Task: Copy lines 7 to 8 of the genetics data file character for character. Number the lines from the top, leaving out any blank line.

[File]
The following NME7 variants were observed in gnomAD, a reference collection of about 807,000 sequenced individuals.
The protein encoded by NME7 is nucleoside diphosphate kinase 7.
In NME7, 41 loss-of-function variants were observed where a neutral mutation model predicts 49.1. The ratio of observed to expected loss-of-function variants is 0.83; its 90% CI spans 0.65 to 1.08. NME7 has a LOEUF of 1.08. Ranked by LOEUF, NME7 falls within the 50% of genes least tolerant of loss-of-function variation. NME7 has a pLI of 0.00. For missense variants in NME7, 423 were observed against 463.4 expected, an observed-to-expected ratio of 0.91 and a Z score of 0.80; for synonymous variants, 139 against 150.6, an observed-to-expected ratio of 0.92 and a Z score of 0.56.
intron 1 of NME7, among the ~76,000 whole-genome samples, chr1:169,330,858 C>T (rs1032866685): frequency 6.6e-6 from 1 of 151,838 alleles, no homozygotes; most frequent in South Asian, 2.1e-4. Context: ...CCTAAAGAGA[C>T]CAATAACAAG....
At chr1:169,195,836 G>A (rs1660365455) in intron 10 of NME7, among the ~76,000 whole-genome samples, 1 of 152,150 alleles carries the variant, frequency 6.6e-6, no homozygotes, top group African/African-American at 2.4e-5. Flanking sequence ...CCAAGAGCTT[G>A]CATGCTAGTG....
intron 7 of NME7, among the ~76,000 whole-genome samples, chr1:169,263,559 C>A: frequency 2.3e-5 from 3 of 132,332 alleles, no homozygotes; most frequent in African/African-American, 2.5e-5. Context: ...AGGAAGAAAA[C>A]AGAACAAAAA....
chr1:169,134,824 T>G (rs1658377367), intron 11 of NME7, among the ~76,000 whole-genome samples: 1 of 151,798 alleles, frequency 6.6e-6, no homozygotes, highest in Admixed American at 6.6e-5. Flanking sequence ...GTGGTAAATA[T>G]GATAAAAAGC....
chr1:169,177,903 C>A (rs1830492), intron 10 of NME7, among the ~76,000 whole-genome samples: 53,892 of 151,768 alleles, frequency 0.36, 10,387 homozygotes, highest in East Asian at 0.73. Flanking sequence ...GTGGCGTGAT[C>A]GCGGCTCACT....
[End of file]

chr1:169,134,824 T>G (rs1658377367), intron 11 of NME7, among the ~76,000 whole-genome samples: 1 of 151,798 alleles, frequency 6.6e-6, no homozygotes, highest in Admixed American at 6.6e-5. Flanking sequence ...GTGGTAAATA[T>G]GATAAAAAGC....
chr1:169,177,903 C>A (rs1830492), intron 10 of NME7, among the ~76,000 whole-genome samples: 53,892 of 151,768 alleles, frequency 0.36, 10,387 homozygotes, highest in East Asian at 0.73. Flanking sequence ...GTGGCGTGAT[C>A]GCGGCTCACT....